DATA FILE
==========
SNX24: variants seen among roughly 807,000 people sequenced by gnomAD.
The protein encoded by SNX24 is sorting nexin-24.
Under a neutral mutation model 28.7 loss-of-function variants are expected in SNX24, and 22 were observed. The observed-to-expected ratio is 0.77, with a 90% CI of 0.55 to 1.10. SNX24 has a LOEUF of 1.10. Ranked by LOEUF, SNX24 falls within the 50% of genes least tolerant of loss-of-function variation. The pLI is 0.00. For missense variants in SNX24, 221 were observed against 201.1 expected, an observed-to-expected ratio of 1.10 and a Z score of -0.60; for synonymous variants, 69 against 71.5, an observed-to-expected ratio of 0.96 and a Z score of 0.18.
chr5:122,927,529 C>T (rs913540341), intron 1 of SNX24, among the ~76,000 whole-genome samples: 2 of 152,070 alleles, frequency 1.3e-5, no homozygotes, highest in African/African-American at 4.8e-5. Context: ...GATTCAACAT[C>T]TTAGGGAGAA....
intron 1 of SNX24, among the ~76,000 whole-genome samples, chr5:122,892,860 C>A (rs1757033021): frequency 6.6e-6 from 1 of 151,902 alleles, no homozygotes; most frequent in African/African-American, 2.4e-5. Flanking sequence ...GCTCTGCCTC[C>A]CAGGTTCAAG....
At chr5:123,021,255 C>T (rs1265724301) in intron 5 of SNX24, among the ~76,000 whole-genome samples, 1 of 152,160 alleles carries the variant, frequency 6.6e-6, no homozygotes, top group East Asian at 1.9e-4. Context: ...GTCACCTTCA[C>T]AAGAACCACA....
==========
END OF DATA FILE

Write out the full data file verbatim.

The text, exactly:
SNX24: variants seen among roughly 807,000 people sequenced by gnomAD.
The protein encoded by SNX24 is sorting nexin-24.
Under a neutral mutation model 28.7 loss-of-function variants are expected in SNX24, and 22 were observed. The observed-to-expected ratio is 0.77, with a 90% CI of 0.55 to 1.10. SNX24 has a LOEUF of 1.10. Ranked by LOEUF, SNX24 falls within the 50% of genes least tolerant of loss-of-function variation. The pLI is 0.00. For missense variants in SNX24, 221 were observed against 201.1 expected, an observed-to-expected ratio of 1.10 and a Z score of -0.60; for synonymous variants, 69 against 71.5, an observed-to-expected ratio of 0.96 and a Z score of 0.18.
chr5:122,927,529 C>T (rs913540341), intron 1 of SNX24, among the ~76,000 whole-genome samples: 2 of 152,070 alleles, frequency 1.3e-5, no homozygotes, highest in African/African-American at 4.8e-5. Context: ...GATTCAACAT[C>T]TTAGGGAGAA....
intron 1 of SNX24, among the ~76,000 whole-genome samples, chr5:122,892,860 C>A (rs1757033021): frequency 6.6e-6 from 1 of 151,902 alleles, no homozygotes; most frequent in African/African-American, 2.4e-5. Flanking sequence ...GCTCTGCCTC[C>A]CAGGTTCAAG....
At chr5:123,021,255 C>T (rs1265724301) in intron 5 of SNX24, among the ~76,000 whole-genome samples, 1 of 152,160 alleles carries the variant, frequency 6.6e-6, no homozygotes, top group East Asian at 1.9e-4. Context: ...GTCACCTTCA[C>T]AAGAACCACA....